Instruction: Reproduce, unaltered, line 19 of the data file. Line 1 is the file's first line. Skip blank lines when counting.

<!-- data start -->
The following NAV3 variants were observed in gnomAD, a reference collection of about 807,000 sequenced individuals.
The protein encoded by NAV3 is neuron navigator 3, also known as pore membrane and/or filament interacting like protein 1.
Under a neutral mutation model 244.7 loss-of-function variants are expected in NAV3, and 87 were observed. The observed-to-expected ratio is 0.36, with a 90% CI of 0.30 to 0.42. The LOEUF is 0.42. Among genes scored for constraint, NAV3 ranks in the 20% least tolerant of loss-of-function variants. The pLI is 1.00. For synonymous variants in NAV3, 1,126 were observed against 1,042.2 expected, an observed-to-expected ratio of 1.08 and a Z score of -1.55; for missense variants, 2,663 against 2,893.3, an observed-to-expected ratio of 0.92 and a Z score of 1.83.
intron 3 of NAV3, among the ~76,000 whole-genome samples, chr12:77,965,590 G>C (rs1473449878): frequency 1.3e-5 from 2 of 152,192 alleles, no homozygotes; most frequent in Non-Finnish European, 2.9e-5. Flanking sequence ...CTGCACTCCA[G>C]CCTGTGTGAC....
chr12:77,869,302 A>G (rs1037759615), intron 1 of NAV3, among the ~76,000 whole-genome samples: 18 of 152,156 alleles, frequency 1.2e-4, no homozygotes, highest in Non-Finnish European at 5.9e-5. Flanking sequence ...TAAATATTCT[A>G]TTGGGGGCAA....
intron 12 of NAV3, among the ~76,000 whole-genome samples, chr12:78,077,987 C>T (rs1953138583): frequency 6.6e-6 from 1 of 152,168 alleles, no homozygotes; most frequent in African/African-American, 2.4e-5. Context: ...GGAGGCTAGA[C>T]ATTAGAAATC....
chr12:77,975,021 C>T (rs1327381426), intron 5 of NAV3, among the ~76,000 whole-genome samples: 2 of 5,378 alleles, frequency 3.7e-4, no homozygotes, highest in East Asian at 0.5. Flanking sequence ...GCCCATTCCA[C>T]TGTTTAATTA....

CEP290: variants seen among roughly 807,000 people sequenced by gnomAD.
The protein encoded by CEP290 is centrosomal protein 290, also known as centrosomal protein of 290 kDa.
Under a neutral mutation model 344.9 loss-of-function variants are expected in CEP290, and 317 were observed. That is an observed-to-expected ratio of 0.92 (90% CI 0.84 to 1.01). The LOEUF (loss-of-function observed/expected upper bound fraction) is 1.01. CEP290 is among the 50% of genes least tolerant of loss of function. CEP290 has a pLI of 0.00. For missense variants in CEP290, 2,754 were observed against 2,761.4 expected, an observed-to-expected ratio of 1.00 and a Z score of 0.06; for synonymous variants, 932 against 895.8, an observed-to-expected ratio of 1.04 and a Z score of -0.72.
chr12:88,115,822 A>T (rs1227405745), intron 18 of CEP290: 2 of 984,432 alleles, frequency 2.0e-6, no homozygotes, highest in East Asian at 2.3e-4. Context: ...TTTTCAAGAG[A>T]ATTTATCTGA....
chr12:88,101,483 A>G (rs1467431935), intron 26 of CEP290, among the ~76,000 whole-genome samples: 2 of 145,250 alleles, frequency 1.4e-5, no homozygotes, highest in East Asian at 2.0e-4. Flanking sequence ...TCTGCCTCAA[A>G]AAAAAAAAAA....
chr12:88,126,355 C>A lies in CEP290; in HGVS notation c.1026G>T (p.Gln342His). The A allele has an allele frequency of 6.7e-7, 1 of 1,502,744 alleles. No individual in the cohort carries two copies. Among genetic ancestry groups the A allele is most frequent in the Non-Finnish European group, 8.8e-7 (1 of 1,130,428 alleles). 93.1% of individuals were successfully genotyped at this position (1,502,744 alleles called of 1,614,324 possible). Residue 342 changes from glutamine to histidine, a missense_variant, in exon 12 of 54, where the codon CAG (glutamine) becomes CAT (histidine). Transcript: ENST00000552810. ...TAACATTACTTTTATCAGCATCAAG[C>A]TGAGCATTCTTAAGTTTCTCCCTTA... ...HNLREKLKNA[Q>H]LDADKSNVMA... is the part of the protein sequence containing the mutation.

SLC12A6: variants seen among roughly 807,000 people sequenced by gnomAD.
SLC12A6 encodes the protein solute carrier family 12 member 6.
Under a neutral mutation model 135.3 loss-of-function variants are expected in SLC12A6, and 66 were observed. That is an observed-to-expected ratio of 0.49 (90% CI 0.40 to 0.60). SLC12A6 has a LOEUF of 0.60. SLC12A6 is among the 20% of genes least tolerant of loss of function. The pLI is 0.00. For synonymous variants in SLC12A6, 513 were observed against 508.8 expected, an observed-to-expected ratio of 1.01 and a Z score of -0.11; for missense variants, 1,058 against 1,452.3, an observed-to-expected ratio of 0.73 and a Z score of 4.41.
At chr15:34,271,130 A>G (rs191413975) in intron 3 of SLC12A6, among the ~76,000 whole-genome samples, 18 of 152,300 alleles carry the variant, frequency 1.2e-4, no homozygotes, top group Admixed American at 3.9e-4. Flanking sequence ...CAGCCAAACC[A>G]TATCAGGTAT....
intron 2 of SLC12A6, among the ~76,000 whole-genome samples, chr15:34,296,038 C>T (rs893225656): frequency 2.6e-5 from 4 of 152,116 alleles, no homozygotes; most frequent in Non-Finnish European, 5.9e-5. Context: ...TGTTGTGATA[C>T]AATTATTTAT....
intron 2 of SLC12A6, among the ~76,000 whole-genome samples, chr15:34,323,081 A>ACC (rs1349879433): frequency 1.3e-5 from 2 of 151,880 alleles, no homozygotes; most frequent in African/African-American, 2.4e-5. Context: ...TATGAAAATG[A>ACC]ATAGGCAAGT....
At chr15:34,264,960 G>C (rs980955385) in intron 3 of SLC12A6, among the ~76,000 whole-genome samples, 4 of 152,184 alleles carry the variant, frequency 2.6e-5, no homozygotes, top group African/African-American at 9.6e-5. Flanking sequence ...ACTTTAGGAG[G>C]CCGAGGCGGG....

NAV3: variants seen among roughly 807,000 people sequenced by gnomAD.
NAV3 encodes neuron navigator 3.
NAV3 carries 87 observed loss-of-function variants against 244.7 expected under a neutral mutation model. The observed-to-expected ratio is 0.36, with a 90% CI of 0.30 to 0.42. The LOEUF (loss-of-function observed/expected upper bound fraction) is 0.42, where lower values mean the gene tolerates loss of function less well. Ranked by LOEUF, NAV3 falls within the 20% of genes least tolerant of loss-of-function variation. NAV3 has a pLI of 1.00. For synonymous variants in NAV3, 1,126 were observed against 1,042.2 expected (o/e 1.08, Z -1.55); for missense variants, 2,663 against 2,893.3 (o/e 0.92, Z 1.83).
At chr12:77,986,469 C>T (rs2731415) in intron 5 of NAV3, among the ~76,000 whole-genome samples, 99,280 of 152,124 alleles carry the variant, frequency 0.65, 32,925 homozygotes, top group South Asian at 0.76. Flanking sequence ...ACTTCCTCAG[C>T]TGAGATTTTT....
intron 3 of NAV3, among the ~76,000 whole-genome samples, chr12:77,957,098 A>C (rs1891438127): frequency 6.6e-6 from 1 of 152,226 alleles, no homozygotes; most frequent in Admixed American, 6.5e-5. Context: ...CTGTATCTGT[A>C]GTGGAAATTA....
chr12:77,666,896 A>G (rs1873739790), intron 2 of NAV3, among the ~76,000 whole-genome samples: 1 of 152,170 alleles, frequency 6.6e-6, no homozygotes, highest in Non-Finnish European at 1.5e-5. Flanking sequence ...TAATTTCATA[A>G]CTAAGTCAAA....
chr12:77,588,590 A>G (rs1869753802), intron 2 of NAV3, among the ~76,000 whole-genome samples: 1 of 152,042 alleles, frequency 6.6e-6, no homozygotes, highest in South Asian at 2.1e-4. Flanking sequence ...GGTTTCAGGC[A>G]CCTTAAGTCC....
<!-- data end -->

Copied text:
intron 2 of SLC12A6, among the ~76,000 whole-genome samples, chr15:34,323,081 A>ACC (rs1349879433): frequency 1.3e-5 from 2 of 151,880 alleles, no homozygotes; most frequent in African/African-American, 2.4e-5. Context: ...TATGAAAATG[A>ACC]ATAGGCAAGT....